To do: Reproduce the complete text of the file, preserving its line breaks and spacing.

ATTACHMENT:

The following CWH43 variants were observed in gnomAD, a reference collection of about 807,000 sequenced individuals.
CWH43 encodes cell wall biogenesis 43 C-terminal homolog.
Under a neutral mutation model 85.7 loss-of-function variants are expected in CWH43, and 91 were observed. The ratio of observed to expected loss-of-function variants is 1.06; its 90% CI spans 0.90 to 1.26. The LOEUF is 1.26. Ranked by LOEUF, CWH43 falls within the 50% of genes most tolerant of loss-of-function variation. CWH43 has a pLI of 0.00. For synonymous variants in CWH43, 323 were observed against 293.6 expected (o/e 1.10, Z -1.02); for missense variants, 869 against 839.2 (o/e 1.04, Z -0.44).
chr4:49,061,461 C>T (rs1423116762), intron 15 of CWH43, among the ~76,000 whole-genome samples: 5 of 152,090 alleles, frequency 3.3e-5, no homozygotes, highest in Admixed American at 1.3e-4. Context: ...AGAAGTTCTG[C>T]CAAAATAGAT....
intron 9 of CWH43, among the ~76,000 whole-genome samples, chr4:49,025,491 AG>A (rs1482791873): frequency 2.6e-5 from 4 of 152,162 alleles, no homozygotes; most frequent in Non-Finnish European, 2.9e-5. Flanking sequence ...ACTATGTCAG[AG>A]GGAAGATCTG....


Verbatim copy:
The following CWH43 variants were observed in gnomAD, a reference collection of about 807,000 sequenced individuals.
CWH43 encodes cell wall biogenesis 43 C-terminal homolog.
Under a neutral mutation model 85.7 loss-of-function variants are expected in CWH43, and 91 were observed. The ratio of observed to expected loss-of-function variants is 1.06; its 90% CI spans 0.90 to 1.26. The LOEUF is 1.26. Ranked by LOEUF, CWH43 falls within the 50% of genes most tolerant of loss-of-function variation. CWH43 has a pLI of 0.00. For synonymous variants in CWH43, 323 were observed against 293.6 expected (o/e 1.10, Z -1.02); for missense variants, 869 against 839.2 (o/e 1.04, Z -0.44).
chr4:49,061,461 C>T (rs1423116762), intron 15 of CWH43, among the ~76,000 whole-genome samples: 5 of 152,090 alleles, frequency 3.3e-5, no homozygotes, highest in Admixed American at 1.3e-4. Context: ...AGAAGTTCTG[C>T]CAAAATAGAT....
intron 9 of CWH43, among the ~76,000 whole-genome samples, chr4:49,025,491 AG>A (rs1482791873): frequency 2.6e-5 from 4 of 152,162 alleles, no homozygotes; most frequent in Non-Finnish European, 2.9e-5. Flanking sequence ...ACTATGTCAG[AG>A]GGAAGATCTG....